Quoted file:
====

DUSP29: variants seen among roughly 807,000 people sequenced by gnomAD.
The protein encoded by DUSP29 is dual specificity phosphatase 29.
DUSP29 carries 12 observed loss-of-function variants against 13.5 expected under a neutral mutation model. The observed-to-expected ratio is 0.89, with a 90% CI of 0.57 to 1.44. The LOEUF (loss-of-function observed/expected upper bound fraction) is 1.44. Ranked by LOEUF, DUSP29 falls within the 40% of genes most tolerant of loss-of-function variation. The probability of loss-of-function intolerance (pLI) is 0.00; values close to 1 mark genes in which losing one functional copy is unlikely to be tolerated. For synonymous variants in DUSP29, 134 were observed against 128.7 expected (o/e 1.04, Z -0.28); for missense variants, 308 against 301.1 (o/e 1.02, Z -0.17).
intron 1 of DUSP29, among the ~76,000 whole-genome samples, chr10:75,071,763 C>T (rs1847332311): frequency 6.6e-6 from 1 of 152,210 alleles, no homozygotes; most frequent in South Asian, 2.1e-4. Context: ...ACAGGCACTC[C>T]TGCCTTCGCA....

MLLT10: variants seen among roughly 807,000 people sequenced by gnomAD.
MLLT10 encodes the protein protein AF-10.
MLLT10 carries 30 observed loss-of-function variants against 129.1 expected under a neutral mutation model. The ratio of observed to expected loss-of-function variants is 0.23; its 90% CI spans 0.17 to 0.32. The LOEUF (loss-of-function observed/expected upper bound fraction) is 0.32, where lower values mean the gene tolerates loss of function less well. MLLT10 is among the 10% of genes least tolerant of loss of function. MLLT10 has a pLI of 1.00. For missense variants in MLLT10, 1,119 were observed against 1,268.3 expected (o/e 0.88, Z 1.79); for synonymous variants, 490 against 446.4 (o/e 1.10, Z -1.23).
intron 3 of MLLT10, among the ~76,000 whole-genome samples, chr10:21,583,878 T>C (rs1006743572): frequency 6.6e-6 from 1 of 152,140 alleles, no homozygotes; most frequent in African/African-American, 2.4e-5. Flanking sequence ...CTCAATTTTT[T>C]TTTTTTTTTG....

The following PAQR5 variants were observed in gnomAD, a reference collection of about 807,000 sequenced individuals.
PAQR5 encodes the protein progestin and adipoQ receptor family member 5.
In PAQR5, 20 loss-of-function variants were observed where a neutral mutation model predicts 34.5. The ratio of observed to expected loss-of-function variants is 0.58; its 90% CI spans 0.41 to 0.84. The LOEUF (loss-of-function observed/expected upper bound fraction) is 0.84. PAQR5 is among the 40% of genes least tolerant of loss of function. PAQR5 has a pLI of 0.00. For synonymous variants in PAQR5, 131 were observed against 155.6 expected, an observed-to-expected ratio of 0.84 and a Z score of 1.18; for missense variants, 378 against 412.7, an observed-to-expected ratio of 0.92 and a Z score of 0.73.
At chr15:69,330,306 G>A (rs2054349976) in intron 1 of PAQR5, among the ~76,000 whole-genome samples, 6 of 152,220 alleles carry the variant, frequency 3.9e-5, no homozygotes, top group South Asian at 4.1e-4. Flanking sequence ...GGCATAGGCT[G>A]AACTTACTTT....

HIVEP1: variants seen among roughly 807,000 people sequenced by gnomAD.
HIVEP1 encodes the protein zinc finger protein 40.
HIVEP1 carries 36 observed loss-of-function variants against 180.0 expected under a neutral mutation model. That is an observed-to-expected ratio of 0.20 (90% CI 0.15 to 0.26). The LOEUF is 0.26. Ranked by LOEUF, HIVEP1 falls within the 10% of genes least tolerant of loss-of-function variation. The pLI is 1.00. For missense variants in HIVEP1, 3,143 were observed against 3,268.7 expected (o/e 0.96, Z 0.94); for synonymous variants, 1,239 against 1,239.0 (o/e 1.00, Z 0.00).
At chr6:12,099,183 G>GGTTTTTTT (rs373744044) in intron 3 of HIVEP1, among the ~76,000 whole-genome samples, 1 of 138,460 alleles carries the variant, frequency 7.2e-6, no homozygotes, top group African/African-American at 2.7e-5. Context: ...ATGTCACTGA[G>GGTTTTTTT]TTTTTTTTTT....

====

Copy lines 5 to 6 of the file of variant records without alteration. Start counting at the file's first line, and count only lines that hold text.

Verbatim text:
MLLT10: variants seen among roughly 807,000 people sequenced by gnomAD.
MLLT10 encodes the protein protein AF-10.